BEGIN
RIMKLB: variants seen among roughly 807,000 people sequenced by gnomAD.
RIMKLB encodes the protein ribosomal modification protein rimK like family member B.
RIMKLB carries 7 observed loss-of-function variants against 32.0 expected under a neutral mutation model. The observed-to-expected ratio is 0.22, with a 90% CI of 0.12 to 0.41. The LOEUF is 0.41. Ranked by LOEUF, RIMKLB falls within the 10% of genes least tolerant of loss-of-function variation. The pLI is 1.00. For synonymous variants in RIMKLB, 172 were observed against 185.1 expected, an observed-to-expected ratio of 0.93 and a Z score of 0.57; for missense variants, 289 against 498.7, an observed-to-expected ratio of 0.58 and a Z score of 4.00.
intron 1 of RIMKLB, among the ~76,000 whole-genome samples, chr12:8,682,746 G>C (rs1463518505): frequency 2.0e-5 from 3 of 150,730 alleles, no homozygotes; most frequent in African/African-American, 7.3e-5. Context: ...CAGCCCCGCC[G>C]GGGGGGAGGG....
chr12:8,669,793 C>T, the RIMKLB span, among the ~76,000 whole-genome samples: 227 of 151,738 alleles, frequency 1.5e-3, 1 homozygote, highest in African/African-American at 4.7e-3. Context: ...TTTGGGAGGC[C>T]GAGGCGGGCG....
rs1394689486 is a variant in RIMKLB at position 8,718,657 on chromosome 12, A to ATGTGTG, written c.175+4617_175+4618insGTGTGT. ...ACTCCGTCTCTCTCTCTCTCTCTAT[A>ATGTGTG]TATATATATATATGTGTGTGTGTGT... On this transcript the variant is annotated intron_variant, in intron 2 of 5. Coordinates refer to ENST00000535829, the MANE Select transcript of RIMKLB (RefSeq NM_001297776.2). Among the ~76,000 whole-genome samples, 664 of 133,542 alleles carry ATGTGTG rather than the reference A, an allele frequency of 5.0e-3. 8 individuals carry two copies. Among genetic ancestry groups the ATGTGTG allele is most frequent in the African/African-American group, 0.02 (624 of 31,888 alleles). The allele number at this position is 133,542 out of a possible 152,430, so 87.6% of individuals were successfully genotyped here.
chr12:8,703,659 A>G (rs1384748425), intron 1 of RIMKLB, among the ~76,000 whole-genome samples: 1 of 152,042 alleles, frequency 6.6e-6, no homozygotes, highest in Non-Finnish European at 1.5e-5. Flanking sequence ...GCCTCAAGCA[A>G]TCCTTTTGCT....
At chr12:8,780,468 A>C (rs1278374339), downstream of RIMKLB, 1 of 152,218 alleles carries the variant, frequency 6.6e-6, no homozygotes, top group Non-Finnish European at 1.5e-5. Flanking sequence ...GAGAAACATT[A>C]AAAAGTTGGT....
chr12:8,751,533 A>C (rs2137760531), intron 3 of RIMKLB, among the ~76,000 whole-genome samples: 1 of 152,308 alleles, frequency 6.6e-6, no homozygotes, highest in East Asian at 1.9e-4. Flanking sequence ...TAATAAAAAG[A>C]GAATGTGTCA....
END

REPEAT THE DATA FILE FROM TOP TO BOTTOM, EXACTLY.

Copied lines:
RIMKLB: variants seen among roughly 807,000 people sequenced by gnomAD.
RIMKLB encodes the protein ribosomal modification protein rimK like family member B.
RIMKLB carries 7 observed loss-of-function variants against 32.0 expected under a neutral mutation model. The observed-to-expected ratio is 0.22, with a 90% CI of 0.12 to 0.41. The LOEUF is 0.41. Ranked by LOEUF, RIMKLB falls within the 10% of genes least tolerant of loss-of-function variation. The pLI is 1.00. For synonymous variants in RIMKLB, 172 were observed against 185.1 expected, an observed-to-expected ratio of 0.93 and a Z score of 0.57; for missense variants, 289 against 498.7, an observed-to-expected ratio of 0.58 and a Z score of 4.00.
intron 1 of RIMKLB, among the ~76,000 whole-genome samples, chr12:8,682,746 G>C (rs1463518505): frequency 2.0e-5 from 3 of 150,730 alleles, no homozygotes; most frequent in African/African-American, 7.3e-5. Context: ...CAGCCCCGCC[G>C]GGGGGGAGGG....
chr12:8,669,793 C>T, the RIMKLB span, among the ~76,000 whole-genome samples: 227 of 151,738 alleles, frequency 1.5e-3, 1 homozygote, highest in African/African-American at 4.7e-3. Context: ...TTTGGGAGGC[C>T]GAGGCGGGCG....
rs1394689486 is a variant in RIMKLB at position 8,718,657 on chromosome 12, A to ATGTGTG, written c.175+4617_175+4618insGTGTGT. ...ACTCCGTCTCTCTCTCTCTCTCTAT[A>ATGTGTG]TATATATATATATGTGTGTGTGTGT... On this transcript the variant is annotated intron_variant, in intron 2 of 5. Coordinates refer to ENST00000535829, the MANE Select transcript of RIMKLB (RefSeq NM_001297776.2). Among the ~76,000 whole-genome samples, 664 of 133,542 alleles carry ATGTGTG rather than the reference A, an allele frequency of 5.0e-3. 8 individuals carry two copies. Among genetic ancestry groups the ATGTGTG allele is most frequent in the African/African-American group, 0.02 (624 of 31,888 alleles). The allele number at this position is 133,542 out of a possible 152,430, so 87.6% of individuals were successfully genotyped here.
chr12:8,703,659 A>G (rs1384748425), intron 1 of RIMKLB, among the ~76,000 whole-genome samples: 1 of 152,042 alleles, frequency 6.6e-6, no homozygotes, highest in Non-Finnish European at 1.5e-5. Flanking sequence ...GCCTCAAGCA[A>G]TCCTTTTGCT....
At chr12:8,780,468 A>C (rs1278374339), downstream of RIMKLB, 1 of 152,218 alleles carries the variant, frequency 6.6e-6, no homozygotes, top group Non-Finnish European at 1.5e-5. Flanking sequence ...GAGAAACATT[A>C]AAAAGTTGGT....
chr12:8,751,533 A>C (rs2137760531), intron 3 of RIMKLB, among the ~76,000 whole-genome samples: 1 of 152,308 alleles, frequency 6.6e-6, no homozygotes, highest in East Asian at 1.9e-4. Flanking sequence ...TAATAAAAAG[A>C]GAATGTGTCA....